Core Data Part 2 . — Child Contexts and Multiple Managed Object Contexts
Multiple Managed Object Contexts
Core Data’s default configuration provides you with a single managed object associated with the main queue. To refresh a managed object context is an in-memory scratchpad you can use when working with your managed objects.
When might you want more than one managed object context?
1. Editing data → the managed object context can be treated as a set of changes, that the app can discard through child contexts. Edited data can be thought of as new pieces of information, like a scratch pad. Once the data is edited you either save or delete.
2. Exporting Data (long-running task) → blocks main thread of apps using just a single main-queue managed object context, UI is then blocked and not updating properly.
The default behavior when exporting data is to have both your export operation and the UI use the main queue to perform their work, but if this export is a long running task the UI will lag and there will be a delay. Traditionally, you could run the data exporting onto a background queue, but Core Data managed object contexts are not thread safe. You cannot dispatch the operation to a background queue and use the same Core Data Stack.
Some context about your context from Apple’s Developer Website:
In general, avoid doing data processing on the main queue that is not user-related. Data processing can be CPU-intensive, and if it is performed on the main queue, it can result in unresponsiveness in the user interface. If your application will be processing data, such as importing data into Core Data from JSON, create a private queue context and perform the import on the private context. The following example shows how to do this:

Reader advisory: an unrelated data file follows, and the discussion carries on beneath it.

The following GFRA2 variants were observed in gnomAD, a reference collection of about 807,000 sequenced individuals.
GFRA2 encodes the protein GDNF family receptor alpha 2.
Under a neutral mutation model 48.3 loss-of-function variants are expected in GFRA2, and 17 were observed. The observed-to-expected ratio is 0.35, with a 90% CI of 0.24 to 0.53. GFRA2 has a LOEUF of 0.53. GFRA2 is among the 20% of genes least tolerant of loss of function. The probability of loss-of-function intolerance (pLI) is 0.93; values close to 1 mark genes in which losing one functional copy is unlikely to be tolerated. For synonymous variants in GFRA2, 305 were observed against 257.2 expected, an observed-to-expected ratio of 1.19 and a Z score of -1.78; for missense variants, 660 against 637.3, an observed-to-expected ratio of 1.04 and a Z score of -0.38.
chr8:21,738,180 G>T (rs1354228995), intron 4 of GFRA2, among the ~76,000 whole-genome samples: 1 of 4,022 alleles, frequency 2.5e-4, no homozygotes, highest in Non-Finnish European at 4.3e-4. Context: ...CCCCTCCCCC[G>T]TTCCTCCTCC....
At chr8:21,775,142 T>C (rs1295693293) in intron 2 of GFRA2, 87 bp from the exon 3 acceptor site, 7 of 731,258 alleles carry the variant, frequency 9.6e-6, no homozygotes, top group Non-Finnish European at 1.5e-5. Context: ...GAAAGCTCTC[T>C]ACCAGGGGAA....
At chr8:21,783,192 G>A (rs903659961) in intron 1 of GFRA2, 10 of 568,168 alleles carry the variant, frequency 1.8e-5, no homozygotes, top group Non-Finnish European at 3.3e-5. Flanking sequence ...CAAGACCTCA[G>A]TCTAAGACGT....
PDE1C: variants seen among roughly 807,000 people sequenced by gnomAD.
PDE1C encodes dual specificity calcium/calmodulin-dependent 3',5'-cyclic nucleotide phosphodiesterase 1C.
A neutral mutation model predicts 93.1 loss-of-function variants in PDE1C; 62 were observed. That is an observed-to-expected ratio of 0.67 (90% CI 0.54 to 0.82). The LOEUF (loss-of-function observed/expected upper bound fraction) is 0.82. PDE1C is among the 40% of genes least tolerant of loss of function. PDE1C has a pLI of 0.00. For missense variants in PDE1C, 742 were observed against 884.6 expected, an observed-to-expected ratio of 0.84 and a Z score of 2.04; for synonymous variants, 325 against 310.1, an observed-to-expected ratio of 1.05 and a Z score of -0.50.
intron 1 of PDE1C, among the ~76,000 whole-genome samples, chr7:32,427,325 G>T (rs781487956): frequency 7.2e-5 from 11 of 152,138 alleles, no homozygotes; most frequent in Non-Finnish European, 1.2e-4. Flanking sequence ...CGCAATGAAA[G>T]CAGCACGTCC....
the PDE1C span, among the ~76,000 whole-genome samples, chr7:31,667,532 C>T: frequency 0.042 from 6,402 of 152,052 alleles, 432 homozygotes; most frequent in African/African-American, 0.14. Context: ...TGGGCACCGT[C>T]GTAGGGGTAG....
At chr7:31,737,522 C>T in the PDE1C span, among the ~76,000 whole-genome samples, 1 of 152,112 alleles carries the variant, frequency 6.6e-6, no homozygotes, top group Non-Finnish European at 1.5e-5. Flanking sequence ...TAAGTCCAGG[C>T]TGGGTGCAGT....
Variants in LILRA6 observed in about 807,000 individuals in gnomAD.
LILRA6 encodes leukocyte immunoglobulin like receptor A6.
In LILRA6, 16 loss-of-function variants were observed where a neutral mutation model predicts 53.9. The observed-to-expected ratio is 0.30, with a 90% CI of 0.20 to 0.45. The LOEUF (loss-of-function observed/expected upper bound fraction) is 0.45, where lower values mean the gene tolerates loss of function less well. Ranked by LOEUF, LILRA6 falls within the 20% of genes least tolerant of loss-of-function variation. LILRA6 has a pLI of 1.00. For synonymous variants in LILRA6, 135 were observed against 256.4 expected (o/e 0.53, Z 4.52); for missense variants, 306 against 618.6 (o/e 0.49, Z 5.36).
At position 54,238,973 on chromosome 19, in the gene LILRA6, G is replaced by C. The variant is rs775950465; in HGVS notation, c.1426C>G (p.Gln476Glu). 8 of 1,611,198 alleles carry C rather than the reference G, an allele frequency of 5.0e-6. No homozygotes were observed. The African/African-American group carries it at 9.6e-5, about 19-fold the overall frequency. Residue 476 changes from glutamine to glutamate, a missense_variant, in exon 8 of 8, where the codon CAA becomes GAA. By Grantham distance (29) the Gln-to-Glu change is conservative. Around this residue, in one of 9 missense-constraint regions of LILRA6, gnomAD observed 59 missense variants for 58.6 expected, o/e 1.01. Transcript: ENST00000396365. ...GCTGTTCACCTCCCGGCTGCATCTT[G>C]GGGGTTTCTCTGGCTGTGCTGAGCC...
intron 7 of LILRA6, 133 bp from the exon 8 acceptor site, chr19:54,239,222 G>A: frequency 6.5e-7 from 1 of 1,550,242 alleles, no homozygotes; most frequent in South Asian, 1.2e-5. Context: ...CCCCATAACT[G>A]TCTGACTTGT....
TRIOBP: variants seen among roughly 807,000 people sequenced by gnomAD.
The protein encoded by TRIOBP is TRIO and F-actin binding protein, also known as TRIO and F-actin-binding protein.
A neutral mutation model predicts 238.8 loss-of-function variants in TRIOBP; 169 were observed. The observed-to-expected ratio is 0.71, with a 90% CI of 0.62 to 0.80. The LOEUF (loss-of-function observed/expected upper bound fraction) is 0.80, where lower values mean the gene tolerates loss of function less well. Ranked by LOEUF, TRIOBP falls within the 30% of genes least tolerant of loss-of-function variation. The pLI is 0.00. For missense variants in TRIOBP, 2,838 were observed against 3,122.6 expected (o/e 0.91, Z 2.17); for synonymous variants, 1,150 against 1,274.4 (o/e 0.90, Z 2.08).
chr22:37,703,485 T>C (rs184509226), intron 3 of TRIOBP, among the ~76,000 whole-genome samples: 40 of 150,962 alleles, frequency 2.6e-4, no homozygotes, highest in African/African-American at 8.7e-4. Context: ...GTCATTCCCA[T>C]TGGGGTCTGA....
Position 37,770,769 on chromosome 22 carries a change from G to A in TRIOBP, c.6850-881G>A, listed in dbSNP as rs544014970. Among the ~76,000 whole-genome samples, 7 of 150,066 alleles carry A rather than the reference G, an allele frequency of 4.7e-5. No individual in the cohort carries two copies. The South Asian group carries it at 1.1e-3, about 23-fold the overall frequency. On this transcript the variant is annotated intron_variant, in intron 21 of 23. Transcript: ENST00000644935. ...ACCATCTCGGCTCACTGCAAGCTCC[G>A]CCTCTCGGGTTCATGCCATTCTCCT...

Let’s look at what’s happening in line 5. The new context was set as a child of the main context running the application. Child managed object contexts are temporary scratch pads, essentially it is a container for editable changes, that can be discarded or modified and saved with changes to the parent context. When a child context is saved, the changes only go to the parent context. When the parent context is saved, then the changes in the parent context get sent to the persistent store coordinator.
Furthermore, every managed object context has a parent store, usually it is the persistent store container if it is the main context provided by the CoreDataStack class.